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KotW: Citrus Chicken. February 25, 2009

Posted by panterazero in chicken, entertaining, fruit, Kip of the Week, quick & dirty, saucy.
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This is just about guaranteed to be new to your guests, and it’s soooo easy.

chicken pieces
flour [optional]
1 or 2 oranges
1 or 2 lemons
1/2 to 1 bottle white wine (I prefer a dry one like a pinot grigio, but you could experiment with something like a riesling, just stay away from chardonnay which doesn’t cook well)

If you like extra browning, shake the chicken pieces in a bag with flour, salt and pepper, but that’s really optional. In a large skillet brown them nicely on both sides, being careful to dry out but not burn the juices in the bottom of the pan. Meanwhile seed the fruit, if necessary, and slice it thinly, discarding the ends.

Remove the browned chicken from the pan and line the pan with a layer of orange and lemon slices, then replace the chicken and season it with salt, pepper and thyme. Cover the chicken evenly with the rest of the orange and lemon slices.

Add half the bottle of wine, raise the heat, and bring the wine just to a boil. lower the heat to a simmer, cover the pan, and let everything cook for 20 to 25 minutes. Check it two or three times and, if a lot of the wine has evaporated, add more; there should be plenty of pan juice when the dish is done.

Serve with rice, couscous, orzo, kasha, or anything sort of grainy that’ll soak up the juice. I’ve made this dish two or three times a year for thirty years and it usually gets raves.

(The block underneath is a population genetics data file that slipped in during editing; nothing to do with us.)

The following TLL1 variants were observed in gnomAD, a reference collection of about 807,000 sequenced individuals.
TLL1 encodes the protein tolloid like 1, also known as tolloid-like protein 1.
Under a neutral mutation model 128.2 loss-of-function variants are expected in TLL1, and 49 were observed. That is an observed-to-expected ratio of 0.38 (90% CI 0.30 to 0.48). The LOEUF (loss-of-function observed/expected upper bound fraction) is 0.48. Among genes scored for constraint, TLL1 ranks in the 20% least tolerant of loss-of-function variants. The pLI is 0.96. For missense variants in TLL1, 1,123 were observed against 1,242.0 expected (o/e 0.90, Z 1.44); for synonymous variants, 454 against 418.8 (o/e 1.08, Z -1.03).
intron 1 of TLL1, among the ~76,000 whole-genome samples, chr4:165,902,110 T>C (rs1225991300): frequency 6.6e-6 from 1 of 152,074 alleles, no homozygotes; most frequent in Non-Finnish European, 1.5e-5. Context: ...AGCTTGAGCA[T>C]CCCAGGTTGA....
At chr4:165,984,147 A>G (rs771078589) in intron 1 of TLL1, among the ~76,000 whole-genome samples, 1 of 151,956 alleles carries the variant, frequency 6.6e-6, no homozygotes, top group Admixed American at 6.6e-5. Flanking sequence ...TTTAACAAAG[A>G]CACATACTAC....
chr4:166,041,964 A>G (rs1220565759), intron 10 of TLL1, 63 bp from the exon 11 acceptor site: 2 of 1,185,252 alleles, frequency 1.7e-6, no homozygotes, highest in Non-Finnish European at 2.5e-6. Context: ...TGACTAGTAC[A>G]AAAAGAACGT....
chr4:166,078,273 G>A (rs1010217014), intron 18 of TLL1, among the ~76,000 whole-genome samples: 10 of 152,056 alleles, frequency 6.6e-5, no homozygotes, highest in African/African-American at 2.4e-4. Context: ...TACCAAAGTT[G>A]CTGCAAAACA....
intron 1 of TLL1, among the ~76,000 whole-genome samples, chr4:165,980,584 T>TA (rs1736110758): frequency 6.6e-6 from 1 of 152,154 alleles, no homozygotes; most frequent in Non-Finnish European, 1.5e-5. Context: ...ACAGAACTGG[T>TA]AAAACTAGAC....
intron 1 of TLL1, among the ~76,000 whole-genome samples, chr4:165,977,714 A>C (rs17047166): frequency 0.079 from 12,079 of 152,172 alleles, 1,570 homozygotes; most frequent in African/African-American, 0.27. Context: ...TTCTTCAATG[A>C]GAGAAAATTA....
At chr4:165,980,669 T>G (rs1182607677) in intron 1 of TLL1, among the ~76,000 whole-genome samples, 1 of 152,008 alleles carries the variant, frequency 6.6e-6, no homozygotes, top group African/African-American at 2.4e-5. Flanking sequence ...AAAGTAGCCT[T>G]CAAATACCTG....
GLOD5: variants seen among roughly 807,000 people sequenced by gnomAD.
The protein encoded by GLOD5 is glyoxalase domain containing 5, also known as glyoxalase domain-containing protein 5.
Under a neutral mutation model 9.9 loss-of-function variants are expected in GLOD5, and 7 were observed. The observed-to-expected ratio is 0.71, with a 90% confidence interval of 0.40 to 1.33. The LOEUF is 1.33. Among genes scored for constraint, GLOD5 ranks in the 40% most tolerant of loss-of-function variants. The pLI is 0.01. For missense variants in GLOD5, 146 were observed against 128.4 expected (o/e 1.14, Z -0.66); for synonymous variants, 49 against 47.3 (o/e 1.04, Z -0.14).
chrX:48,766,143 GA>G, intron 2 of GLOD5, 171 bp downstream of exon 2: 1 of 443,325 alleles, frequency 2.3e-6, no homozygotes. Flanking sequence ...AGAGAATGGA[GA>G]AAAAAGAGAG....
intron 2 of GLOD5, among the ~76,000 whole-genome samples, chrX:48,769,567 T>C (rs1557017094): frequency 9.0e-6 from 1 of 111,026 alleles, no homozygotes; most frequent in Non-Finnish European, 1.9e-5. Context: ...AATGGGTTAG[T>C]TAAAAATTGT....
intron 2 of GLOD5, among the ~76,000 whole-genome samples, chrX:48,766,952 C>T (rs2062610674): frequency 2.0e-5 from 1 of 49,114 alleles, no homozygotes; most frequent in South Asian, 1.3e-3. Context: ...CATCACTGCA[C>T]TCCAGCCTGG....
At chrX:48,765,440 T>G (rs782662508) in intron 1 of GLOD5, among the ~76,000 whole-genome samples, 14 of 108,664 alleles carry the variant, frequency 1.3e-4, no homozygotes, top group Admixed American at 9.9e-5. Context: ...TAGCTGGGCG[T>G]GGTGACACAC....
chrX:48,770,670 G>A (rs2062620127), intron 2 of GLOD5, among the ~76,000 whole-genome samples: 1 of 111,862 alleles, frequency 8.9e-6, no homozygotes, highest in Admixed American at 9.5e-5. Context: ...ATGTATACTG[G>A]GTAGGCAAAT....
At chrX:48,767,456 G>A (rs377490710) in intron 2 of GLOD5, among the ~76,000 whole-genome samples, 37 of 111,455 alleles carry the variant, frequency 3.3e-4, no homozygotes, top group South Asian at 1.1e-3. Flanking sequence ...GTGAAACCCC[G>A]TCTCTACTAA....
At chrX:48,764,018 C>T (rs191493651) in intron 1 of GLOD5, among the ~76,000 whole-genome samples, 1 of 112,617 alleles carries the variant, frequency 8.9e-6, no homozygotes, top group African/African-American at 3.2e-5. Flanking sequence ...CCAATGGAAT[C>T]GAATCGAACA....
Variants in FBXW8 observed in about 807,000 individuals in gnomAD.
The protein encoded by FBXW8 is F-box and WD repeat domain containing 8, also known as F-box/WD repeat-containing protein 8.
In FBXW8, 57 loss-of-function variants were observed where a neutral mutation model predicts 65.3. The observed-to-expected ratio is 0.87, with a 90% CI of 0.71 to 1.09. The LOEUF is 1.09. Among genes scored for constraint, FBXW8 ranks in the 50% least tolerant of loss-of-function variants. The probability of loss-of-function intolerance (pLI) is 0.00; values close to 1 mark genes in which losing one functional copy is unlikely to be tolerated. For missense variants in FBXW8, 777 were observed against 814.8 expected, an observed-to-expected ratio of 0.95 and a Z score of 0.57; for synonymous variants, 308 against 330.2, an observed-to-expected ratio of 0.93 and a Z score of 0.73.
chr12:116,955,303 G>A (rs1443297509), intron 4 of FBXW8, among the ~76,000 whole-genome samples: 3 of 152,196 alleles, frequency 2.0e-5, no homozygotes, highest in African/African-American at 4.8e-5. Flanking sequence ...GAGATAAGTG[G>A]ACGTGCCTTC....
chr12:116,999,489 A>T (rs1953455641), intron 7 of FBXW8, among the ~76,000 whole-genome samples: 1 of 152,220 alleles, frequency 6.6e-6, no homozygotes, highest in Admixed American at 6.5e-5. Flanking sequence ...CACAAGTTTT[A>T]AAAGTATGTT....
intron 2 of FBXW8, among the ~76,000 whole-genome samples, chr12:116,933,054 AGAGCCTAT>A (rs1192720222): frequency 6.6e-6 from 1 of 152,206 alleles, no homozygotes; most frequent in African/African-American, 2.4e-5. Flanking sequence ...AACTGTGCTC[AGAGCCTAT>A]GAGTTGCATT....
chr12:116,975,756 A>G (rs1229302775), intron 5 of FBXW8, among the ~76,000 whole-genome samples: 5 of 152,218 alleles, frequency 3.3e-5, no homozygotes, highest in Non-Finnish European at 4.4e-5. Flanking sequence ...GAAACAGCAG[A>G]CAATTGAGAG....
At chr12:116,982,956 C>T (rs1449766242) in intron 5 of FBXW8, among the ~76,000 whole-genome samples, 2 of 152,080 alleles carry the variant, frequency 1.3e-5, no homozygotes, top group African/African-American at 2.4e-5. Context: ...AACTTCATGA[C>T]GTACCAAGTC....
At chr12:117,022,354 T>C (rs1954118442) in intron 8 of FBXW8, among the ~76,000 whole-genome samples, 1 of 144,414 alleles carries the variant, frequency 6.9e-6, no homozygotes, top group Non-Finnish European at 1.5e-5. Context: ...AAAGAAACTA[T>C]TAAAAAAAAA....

© February 2009 /KC


Quickie: Not-so-original pinwheels. September 15, 2008

Posted by sarawr in appetizers, cheesy goodness, pig pig pig, quick & dirty.
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I should probably put in a disclaimer here: when I came up with the recipe I’m about to post, I truly thought I was a genius. People, I bragged about this. “It’s so good!” I said. “It’s so easy!” I was very smug, and I planned this post in meticulous detail.

Then I told my friend Heather about this recipe and she was like, “Oh, yeah, pinwheels. Those are good.” D’oh. Also, duh. Still, while this little snack-or-lunch option isn’t as creative as I’d thought, it is still tasty and super easy.


Several slices of deli ham — or, even better, prosciutto
Cream cheese (whipped, if you’re feeling fancy)
Chives or green onions
Paper towels


Chop up a small handful of the chives/onions. Lay out your ham slices and blot them with the paper towels. Put a teaspoon or so of cream cheese in the center of each slice, then dampen your hands with water and spread the cream cheese with your fingers. (I have tried to do this with a knife, and without blotting the ham, and all that happens is Cream Cheese Ham Skating.) Sprinkle a generous line of chopped chives down the center of each ham-cheese concoction, then roll the whole thing up.

Et voila. You have either a tasty snack, a delicious hors d’oeuvre, or — if you’re a busy freelancer with a deadline and a hungry pre-schooler — dinner. You can cut the rolls in half and place each one on a garlic Triscuit if you want to be really fancy. Black olives make a nice accompaniment too.

(Be gentle with me, guys. I’m going to attempt gingerbread in the next few days — if it turns out well I might have a real recipe for you!)

KotW: Homemade Tahini. August 27, 2008

Posted by schizodigestive in Kip of the Week, quick & dirty, vegetarian.
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Eggplants, like so many vegetables, have become stunningly expensive in my neighborhood. So when they’re on sale I tend to buy quite a few… and that’s why I ended up needing to make baba ghanouj the other day. But I was out of tahini — the oily paste of finely ground sesame seeds that’s indispensable for Middle Eastern appetizers.